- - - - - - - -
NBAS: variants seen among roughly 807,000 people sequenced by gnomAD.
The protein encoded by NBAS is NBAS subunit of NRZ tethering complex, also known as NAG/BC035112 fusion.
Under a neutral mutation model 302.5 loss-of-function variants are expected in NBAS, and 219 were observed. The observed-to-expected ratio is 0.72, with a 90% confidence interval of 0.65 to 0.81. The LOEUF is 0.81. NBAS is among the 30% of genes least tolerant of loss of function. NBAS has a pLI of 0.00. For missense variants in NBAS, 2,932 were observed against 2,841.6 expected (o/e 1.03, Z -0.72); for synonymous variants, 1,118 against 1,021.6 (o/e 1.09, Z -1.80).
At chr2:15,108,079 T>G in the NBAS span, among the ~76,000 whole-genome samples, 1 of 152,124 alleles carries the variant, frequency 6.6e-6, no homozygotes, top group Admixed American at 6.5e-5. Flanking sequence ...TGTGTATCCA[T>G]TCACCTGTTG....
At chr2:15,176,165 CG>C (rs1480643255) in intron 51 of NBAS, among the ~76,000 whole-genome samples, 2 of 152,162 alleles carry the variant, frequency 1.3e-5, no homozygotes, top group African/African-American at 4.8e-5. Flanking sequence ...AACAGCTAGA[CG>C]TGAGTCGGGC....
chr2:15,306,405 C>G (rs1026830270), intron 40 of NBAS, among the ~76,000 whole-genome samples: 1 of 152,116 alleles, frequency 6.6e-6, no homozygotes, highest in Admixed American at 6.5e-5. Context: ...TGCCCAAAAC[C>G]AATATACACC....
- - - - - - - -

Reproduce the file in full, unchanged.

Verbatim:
NBAS: variants seen among roughly 807,000 people sequenced by gnomAD.
The protein encoded by NBAS is NBAS subunit of NRZ tethering complex, also known as NAG/BC035112 fusion.
Under a neutral mutation model 302.5 loss-of-function variants are expected in NBAS, and 219 were observed. The observed-to-expected ratio is 0.72, with a 90% confidence interval of 0.65 to 0.81. The LOEUF is 0.81. NBAS is among the 30% of genes least tolerant of loss of function. NBAS has a pLI of 0.00. For missense variants in NBAS, 2,932 were observed against 2,841.6 expected (o/e 1.03, Z -0.72); for synonymous variants, 1,118 against 1,021.6 (o/e 1.09, Z -1.80).
At chr2:15,108,079 T>G in the NBAS span, among the ~76,000 whole-genome samples, 1 of 152,124 alleles carries the variant, frequency 6.6e-6, no homozygotes, top group Admixed American at 6.5e-5. Flanking sequence ...TGTGTATCCA[T>G]TCACCTGTTG....
At chr2:15,176,165 CG>C (rs1480643255) in intron 51 of NBAS, among the ~76,000 whole-genome samples, 2 of 152,162 alleles carry the variant, frequency 1.3e-5, no homozygotes, top group African/African-American at 4.8e-5. Flanking sequence ...AACAGCTAGA[CG>C]TGAGTCGGGC....
chr2:15,306,405 C>G (rs1026830270), intron 40 of NBAS, among the ~76,000 whole-genome samples: 1 of 152,116 alleles, frequency 6.6e-6, no homozygotes, highest in Admixed American at 6.5e-5. Context: ...TGCCCAAAAC[C>G]AATATACACC....